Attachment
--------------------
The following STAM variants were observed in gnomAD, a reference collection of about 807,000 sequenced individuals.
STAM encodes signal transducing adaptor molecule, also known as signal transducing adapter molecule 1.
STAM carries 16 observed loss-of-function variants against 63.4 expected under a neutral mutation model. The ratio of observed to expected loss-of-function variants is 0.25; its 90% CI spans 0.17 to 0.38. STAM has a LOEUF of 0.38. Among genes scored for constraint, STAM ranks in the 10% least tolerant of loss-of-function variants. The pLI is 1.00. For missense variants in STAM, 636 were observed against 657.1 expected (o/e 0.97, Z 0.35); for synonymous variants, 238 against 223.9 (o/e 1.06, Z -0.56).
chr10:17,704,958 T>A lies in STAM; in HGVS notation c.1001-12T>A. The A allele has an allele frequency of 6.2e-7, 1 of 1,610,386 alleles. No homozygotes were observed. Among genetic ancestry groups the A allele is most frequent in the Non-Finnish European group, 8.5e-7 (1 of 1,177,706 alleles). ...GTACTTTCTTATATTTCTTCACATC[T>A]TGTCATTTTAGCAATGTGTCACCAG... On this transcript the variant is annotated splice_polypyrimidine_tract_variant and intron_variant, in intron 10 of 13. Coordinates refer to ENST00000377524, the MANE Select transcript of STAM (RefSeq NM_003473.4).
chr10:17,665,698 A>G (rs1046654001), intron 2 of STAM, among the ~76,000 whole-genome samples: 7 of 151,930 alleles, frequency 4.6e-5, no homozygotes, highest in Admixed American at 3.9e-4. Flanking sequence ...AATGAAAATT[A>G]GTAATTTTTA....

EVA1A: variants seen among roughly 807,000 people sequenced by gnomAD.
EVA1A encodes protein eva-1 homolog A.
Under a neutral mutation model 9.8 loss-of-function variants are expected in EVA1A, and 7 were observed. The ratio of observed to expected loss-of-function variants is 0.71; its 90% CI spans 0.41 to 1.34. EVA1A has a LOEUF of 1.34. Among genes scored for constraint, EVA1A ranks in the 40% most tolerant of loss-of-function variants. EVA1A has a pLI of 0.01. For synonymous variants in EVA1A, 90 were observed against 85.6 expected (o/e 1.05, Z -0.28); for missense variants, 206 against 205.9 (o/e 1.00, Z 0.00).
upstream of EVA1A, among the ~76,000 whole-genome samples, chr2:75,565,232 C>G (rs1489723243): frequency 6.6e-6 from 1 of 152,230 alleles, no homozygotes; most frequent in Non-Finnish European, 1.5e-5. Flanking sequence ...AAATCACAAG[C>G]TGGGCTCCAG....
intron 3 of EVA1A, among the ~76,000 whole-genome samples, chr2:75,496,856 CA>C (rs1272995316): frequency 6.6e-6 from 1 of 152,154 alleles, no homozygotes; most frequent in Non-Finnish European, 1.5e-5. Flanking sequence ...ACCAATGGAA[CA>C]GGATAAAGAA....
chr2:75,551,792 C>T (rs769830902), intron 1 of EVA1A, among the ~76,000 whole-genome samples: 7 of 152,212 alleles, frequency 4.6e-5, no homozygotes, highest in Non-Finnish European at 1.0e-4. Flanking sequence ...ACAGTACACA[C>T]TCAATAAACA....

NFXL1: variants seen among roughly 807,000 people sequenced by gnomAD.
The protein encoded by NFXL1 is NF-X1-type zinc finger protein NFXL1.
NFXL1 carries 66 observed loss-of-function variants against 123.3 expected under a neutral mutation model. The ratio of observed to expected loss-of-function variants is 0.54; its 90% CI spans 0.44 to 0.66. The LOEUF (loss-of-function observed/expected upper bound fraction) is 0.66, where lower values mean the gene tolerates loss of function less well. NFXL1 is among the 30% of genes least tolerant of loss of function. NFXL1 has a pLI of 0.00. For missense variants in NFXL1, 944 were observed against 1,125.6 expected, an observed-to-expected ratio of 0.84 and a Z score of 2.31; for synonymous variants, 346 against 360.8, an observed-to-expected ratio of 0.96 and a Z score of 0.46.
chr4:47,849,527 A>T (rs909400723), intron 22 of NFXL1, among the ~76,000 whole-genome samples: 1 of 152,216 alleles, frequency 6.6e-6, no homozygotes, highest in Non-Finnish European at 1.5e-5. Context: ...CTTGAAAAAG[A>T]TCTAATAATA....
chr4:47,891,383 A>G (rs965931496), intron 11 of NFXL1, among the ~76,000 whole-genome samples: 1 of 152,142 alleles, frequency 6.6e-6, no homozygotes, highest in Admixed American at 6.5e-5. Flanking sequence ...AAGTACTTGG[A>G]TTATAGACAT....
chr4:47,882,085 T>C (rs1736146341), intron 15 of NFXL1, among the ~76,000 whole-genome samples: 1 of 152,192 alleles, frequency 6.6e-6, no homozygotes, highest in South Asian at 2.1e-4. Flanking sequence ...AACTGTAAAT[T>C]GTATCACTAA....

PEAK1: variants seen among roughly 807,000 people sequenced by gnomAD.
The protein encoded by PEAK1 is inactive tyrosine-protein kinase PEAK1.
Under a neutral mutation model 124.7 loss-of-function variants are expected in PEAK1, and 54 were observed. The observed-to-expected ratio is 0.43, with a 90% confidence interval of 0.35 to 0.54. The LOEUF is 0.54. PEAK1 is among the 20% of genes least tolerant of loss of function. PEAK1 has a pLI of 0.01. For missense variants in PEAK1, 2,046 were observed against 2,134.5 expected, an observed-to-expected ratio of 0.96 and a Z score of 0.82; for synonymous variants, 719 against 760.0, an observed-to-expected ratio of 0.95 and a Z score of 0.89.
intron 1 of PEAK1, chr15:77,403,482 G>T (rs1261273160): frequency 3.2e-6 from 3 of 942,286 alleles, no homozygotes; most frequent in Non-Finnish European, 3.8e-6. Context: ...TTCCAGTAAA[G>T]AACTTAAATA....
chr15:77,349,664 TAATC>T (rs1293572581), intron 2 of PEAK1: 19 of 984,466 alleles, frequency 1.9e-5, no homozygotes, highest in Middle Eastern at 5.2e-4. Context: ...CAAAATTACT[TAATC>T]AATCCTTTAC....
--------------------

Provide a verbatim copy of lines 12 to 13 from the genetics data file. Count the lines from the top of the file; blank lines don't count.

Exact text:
NFXL1: variants seen among roughly 807,000 people sequenced by gnomAD.
The protein encoded by NFXL1 is NF-X1-type zinc finger protein NFXL1.